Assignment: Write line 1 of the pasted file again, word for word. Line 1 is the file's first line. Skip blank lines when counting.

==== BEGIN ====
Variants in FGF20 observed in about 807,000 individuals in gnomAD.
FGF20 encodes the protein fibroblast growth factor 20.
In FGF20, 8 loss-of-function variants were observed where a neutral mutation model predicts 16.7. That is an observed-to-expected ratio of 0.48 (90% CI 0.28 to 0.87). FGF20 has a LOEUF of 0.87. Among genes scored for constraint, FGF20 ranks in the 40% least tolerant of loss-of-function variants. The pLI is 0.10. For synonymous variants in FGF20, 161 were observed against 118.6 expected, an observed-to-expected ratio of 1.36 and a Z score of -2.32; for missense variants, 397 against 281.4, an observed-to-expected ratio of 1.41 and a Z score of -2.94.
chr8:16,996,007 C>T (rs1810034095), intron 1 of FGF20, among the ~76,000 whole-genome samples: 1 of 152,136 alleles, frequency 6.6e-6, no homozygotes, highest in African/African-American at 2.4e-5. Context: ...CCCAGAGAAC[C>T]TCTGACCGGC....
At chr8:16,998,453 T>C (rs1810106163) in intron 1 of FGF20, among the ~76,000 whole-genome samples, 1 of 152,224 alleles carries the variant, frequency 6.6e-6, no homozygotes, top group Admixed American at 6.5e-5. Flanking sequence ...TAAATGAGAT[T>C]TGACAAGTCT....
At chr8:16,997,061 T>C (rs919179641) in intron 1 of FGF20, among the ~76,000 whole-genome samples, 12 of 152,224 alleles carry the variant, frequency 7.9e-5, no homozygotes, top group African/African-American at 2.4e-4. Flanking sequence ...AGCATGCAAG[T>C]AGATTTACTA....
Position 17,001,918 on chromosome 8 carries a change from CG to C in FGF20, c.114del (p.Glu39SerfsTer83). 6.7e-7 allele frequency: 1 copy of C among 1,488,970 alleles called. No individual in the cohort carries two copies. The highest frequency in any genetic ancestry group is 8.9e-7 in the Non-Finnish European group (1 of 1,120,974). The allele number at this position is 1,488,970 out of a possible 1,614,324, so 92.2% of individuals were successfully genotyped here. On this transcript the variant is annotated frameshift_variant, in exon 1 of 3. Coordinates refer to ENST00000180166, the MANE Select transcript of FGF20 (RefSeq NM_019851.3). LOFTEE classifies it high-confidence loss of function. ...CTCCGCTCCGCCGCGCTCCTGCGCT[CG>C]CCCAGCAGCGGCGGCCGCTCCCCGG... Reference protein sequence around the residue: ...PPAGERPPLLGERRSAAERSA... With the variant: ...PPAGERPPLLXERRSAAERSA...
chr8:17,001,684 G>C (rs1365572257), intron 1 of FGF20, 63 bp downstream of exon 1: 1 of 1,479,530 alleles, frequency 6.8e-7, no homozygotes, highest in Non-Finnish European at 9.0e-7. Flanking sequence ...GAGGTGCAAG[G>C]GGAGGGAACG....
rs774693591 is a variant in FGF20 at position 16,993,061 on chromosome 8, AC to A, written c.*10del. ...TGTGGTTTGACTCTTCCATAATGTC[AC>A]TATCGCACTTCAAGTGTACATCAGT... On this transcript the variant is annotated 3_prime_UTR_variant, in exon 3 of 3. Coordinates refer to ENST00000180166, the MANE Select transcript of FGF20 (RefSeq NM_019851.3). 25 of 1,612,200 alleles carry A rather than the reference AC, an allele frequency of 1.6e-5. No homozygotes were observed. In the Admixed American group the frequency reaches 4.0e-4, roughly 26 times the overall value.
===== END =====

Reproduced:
Variants in FGF20 observed in about 807,000 individuals in gnomAD.